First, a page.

The design will most likely take influence from previous traditional styling, but could introduce a bold new direction. We should expect a sleek streamlined shape in order to make the body aerodynamically efficient in order to maximise its range. Supercar designers can no longer rely on pure brute force power and have to consider charging times. Inside the car will have a minimal feel which has driver-focused technology, pioneered by the current electric vehicles. A simple display that can be updated regularly and tailored to the individual will greet the driver and even have the option to electronically tweak the performance with a touch of the screen, previously something reserved only for the professionals.
What about the performance? Ferrari have already stated that the car will deliver "supercar levels of performance". We know it will be quick. We would expect the top speed to be well in excess of 200 mph, the bare minimum in current combustion based supercars and is likely to have over 1000 bhp. What will be a real showstopper is the acceleration. The 0-60 time could be as low as 2 seconds. Just stop and consider how that will feel when driving! However, will the amazing acceleration make up for the lack of a V12 roar coming from the engine? The noise a Ferrari makes is an integral part of the experience and this has been recognised with CEO Benedetto Vigna stating that sound is one of the “essentials that characterises a Ferrari.” To help mitigate the loss of the engine noise, Ferrari plans to deploy a new, patented system which is a “reproduction device for the realisation of a sound that can be associated with an electric motor”. They plan to amplify a distinctive engine noise produced by the electric motors by rerouting through the rear of the car.
A new Ferrari electric supercar will automatically be a top seller. The Ferrari brand goes a long way and they have a very loyal customer base. For those that have no affiliation with any particular marque will look at possible competitors such as the Porsche Taycan, launched in 2019 or any number of future models such as the Tesla Roadster (although it is difficult to imagine Tesla making serious inroads into the Ferrari brand), or a rumoured Pagani supercar due to market in 2028. Ferrari however have trust, pedigree, engineering excellence and these qualities go a long way.
Looking beyond performance, we anticipate lots of tech to play which allow a level of car management not seen in a traditional Ferrari. We will see an advanced battery management system so drivers can get the maximum range available and active aerodynamics adding to the range and performance. There will also be a version of KERS, the Kinetic Energy Recovery System seen in their F1 cars which includes regenerative braking technology.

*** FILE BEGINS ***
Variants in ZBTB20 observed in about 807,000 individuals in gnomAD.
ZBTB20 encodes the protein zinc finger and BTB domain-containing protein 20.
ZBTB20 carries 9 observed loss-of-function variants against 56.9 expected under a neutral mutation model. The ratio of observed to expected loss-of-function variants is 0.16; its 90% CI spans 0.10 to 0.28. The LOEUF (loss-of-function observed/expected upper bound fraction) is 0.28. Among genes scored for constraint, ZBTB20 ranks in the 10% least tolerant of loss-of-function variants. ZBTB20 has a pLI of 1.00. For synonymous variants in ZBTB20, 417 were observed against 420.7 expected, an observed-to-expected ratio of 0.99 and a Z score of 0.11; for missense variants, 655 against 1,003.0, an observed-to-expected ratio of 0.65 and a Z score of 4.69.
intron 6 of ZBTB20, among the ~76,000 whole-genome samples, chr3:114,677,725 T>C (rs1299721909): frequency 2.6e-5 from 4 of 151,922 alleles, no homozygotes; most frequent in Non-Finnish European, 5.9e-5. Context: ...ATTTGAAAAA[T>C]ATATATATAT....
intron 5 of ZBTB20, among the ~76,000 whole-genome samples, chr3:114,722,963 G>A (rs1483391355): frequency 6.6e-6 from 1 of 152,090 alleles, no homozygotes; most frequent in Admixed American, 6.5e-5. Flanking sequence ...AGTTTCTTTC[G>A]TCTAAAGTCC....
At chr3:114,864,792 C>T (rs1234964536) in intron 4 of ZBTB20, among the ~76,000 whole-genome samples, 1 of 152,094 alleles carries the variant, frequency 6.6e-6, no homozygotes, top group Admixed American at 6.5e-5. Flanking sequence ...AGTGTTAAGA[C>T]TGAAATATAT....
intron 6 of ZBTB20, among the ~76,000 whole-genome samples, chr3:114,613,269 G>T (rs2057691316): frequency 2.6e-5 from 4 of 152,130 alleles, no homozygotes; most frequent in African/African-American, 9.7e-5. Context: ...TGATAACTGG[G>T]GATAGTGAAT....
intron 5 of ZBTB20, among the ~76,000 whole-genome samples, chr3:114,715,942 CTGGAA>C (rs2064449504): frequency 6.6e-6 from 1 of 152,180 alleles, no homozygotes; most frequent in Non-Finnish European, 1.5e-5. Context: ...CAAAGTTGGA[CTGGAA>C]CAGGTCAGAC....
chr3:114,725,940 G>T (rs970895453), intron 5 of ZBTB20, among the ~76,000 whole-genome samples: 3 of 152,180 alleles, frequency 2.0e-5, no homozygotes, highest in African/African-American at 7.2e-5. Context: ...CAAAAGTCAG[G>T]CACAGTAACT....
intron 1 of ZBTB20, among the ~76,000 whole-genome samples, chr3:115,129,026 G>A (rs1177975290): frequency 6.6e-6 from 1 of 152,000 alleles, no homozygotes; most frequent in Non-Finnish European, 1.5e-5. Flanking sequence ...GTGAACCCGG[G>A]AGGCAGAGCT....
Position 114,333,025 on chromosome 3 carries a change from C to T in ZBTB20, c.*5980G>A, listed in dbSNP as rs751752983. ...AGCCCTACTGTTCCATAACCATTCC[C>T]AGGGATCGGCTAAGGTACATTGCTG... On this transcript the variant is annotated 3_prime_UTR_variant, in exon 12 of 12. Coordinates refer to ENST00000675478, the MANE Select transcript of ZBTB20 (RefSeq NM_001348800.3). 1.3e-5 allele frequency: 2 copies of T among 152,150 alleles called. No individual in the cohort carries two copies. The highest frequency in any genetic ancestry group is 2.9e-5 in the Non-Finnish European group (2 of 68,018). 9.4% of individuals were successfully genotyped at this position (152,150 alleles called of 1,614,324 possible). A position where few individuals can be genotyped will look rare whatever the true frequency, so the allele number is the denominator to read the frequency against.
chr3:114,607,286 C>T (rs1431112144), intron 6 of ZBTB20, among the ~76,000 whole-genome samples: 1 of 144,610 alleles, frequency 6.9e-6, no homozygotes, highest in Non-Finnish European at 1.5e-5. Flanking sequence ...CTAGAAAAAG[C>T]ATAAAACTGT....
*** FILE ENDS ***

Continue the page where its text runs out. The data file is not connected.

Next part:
The Future for Ferrari Hire
As new technology becomes the mainstream we will see more electric options within the supercar hire arena. One of the great advantages of hiring a supercar is you can see how you feel about it before committing to a purchase, so those looking to see how the driving experience differs from the V12 and V8 models they are used to will welcome the opportunity to hire one for a few days. However, with the new electric Ferrari still a few years away, we can still enjoy the tremendous audio soundscape generated by a Ferrari 488 hire or a Ferrari Portofino hire.
Resurrection of Classic Ferraris
One last aspect of electric supercars to keep an eye on is the reinvention of classic models. Bentley has recently worked with a third party manufacturer, The Little Car Company (LCC) to produce an 85% scale replica of the 1929 Bentley Blower. LLC were granted access to Bentley’s archive in order to research the Blower and produce their electric version. Now, this isn't exactly the 4.5 litre supercharged Le Man racer, it is a 20 php, 45 mph imitation, but it does raise some interesting thoughts. The new Bentley Blower costs only £90,000 compared to £30 million should you want to invest in an original, not that an original would come up for sale anyway. Would Ferrari consider resurrecting classic models of the past and producing electric versions of them? There has been no indication they are likely to, but could we have a future where we could hire a 250 GTO for a quick weekend away?